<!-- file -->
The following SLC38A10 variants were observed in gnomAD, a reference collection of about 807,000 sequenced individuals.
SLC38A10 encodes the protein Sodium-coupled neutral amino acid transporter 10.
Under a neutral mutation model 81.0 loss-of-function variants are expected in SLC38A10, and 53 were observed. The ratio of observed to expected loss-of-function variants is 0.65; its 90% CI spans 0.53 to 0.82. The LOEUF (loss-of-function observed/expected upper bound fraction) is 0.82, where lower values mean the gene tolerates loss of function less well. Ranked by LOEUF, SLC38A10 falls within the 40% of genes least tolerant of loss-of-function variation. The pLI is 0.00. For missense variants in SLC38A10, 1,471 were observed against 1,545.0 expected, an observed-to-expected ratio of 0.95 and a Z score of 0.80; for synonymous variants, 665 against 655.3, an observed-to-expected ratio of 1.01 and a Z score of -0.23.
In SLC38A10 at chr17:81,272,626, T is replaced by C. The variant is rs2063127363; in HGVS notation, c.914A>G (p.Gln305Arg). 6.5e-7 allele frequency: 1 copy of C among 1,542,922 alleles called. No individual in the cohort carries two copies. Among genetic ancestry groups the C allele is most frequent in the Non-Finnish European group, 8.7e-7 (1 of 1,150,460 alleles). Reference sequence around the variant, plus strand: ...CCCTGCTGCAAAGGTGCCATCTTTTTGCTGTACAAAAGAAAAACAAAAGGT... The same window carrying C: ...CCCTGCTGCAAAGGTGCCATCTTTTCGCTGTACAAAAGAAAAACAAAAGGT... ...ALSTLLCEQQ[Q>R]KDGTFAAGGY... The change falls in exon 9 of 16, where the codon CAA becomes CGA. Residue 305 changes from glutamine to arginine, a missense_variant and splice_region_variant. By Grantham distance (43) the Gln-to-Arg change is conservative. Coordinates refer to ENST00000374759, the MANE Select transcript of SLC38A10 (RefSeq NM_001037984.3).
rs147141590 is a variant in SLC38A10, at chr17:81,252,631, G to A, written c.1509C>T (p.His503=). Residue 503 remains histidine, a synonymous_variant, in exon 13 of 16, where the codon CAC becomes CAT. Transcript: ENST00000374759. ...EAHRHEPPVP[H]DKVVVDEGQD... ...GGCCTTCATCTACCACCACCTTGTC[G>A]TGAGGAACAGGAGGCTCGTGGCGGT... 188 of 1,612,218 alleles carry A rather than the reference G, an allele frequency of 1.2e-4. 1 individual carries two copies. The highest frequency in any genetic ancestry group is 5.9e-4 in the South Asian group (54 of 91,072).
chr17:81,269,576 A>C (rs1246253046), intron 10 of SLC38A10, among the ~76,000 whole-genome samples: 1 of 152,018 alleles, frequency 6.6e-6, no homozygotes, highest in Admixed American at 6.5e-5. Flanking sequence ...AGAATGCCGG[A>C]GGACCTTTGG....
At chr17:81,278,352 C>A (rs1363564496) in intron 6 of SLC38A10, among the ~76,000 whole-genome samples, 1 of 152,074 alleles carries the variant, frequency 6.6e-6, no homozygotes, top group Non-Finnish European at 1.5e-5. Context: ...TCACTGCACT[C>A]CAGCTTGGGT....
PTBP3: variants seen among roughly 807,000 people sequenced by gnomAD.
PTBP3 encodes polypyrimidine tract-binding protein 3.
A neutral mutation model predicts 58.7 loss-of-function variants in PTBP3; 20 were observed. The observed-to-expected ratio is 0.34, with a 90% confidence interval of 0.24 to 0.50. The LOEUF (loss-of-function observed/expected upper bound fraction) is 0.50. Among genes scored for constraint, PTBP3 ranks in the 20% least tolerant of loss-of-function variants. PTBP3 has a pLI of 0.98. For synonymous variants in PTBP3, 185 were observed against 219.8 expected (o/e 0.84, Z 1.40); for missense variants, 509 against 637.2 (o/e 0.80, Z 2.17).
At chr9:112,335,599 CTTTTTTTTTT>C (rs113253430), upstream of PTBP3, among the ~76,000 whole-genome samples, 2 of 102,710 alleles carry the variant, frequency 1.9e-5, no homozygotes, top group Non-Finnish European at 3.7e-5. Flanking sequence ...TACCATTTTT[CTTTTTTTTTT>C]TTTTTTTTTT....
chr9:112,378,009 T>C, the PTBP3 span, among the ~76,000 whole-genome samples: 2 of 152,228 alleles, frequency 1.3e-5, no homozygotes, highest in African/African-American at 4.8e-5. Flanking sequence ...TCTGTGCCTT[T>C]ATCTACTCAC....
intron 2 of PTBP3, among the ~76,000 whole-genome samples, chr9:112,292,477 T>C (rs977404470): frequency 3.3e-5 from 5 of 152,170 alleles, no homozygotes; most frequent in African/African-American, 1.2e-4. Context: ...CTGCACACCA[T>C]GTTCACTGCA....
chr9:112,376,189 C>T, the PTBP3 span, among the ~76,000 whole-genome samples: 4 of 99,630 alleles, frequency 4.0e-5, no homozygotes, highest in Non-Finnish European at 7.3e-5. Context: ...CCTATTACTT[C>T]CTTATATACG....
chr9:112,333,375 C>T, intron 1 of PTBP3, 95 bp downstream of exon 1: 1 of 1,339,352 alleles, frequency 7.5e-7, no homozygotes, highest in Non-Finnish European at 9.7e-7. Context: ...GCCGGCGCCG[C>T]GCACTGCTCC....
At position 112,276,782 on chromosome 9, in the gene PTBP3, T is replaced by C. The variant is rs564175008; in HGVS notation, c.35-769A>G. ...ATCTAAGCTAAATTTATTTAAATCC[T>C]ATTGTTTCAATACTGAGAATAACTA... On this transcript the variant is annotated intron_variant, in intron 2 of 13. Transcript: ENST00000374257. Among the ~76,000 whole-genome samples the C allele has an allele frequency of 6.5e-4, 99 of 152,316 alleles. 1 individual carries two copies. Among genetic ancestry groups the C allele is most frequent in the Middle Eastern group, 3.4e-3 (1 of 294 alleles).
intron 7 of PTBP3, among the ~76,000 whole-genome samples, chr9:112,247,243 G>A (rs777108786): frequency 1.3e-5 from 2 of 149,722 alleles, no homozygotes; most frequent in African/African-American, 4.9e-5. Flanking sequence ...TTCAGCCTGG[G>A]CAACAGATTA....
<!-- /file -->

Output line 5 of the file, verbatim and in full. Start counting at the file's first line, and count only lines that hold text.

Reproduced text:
rs147141590 is a variant in SLC38A10, at chr17:81,252,631, G to A, written c.1509C>T (p.His503=). Residue 503 remains histidine, a synonymous_variant, in exon 13 of 16, where the codon CAC becomes CAT. Transcript: ENST00000374759. ...EAHRHEPPVP[H]DKVVVDEGQD... ...GGCCTTCATCTACCACCACCTTGTC[G>A]TGAGGAACAGGAGGCTCGTGGCGGT... 188 of 1,612,218 alleles carry A rather than the reference G, an allele frequency of 1.2e-4. 1 individual carries two copies. The highest frequency in any genetic ancestry group is 5.9e-4 in the South Asian group (54 of 91,072).